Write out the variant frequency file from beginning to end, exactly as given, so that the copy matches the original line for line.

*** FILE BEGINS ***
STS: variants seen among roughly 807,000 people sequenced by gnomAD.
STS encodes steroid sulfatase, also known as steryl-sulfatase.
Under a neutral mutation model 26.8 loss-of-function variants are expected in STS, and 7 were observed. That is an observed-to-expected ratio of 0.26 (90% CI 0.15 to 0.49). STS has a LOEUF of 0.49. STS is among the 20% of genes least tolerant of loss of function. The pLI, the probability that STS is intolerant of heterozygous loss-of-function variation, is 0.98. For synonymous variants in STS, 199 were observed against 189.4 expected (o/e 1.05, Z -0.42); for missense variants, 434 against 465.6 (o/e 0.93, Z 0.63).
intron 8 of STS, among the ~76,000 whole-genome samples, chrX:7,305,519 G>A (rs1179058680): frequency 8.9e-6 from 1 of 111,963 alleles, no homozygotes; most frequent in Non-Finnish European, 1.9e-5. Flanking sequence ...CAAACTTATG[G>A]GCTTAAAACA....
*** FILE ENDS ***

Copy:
STS: variants seen among roughly 807,000 people sequenced by gnomAD.
STS encodes steroid sulfatase, also known as steryl-sulfatase.
Under a neutral mutation model 26.8 loss-of-function variants are expected in STS, and 7 were observed. That is an observed-to-expected ratio of 0.26 (90% CI 0.15 to 0.49). STS has a LOEUF of 0.49. STS is among the 20% of genes least tolerant of loss of function. The pLI, the probability that STS is intolerant of heterozygous loss-of-function variation, is 0.98. For synonymous variants in STS, 199 were observed against 189.4 expected (o/e 1.05, Z -0.42); for missense variants, 434 against 465.6 (o/e 0.93, Z 0.63).
intron 8 of STS, among the ~76,000 whole-genome samples, chrX:7,305,519 G>A (rs1179058680): frequency 8.9e-6 from 1 of 111,963 alleles, no homozygotes; most frequent in Non-Finnish European, 1.9e-5. Flanking sequence ...CAAACTTATG[G>A]GCTTAAAACA....